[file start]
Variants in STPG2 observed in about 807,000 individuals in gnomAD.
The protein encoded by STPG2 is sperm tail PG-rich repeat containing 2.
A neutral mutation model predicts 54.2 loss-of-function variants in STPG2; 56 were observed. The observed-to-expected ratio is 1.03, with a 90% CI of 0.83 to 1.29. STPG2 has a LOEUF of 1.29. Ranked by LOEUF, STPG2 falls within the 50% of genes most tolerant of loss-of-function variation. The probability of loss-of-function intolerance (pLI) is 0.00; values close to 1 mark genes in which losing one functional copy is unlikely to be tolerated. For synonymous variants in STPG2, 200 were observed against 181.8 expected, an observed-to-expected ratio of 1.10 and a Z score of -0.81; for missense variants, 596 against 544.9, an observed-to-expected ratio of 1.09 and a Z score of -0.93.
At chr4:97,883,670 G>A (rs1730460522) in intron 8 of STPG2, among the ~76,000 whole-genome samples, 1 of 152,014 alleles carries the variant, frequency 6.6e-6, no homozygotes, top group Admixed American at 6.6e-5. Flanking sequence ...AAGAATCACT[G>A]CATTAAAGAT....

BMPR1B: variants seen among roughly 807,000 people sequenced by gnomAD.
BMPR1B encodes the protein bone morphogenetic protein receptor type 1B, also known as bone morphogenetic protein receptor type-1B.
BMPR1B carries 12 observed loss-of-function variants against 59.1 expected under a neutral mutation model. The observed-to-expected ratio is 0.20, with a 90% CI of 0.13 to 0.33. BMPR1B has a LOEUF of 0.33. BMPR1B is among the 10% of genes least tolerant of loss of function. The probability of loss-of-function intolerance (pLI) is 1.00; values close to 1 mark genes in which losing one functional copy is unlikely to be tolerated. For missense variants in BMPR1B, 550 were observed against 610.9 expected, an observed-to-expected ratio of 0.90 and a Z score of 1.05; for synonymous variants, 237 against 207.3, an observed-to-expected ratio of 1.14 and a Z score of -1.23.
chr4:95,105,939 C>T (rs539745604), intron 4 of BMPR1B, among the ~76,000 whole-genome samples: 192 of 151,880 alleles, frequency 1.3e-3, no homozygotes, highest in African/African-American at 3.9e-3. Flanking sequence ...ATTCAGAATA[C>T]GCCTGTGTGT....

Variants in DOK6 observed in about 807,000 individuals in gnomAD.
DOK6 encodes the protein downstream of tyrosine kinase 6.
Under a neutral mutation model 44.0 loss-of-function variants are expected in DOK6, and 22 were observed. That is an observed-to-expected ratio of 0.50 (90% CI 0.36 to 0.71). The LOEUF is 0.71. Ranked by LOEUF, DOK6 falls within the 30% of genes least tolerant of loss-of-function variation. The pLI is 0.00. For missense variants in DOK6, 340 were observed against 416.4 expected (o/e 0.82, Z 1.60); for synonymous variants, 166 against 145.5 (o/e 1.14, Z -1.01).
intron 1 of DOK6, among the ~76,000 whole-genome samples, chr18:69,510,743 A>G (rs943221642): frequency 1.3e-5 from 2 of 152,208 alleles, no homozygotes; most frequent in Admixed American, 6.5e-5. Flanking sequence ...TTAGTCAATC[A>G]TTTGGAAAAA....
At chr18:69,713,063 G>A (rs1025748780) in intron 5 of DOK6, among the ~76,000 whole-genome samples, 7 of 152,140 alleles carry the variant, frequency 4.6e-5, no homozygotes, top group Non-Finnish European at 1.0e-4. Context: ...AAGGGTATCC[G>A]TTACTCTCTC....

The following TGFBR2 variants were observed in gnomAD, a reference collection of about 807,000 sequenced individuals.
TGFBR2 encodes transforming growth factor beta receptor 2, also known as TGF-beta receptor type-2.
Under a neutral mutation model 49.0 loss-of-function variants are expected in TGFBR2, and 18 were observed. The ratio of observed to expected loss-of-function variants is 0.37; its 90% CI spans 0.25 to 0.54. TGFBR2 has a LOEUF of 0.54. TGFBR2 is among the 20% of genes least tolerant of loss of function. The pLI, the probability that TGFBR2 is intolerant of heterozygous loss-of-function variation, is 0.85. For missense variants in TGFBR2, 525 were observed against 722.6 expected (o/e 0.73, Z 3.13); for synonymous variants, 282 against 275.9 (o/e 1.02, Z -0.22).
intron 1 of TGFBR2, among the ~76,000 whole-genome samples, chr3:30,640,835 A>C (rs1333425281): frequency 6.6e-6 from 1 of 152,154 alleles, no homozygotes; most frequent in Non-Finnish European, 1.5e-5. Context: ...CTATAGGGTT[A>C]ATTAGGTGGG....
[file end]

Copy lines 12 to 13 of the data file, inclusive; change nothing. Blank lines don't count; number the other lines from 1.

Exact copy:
intron 1 of DOK6, among the ~76,000 whole-genome samples, chr18:69,510,743 A>G (rs943221642): frequency 1.3e-5 from 2 of 152,208 alleles, no homozygotes; most frequent in Admixed American, 6.5e-5. Flanking sequence ...TTAGTCAATC[A>G]TTTGGAAAAA....
At chr18:69,713,063 G>A (rs1025748780) in intron 5 of DOK6, among the ~76,000 whole-genome samples, 7 of 152,140 alleles carry the variant, frequency 4.6e-5, no homozygotes, top group Non-Finnish European at 1.0e-4. Context: ...AAGGGTATCC[G>A]TTACTCTCTC....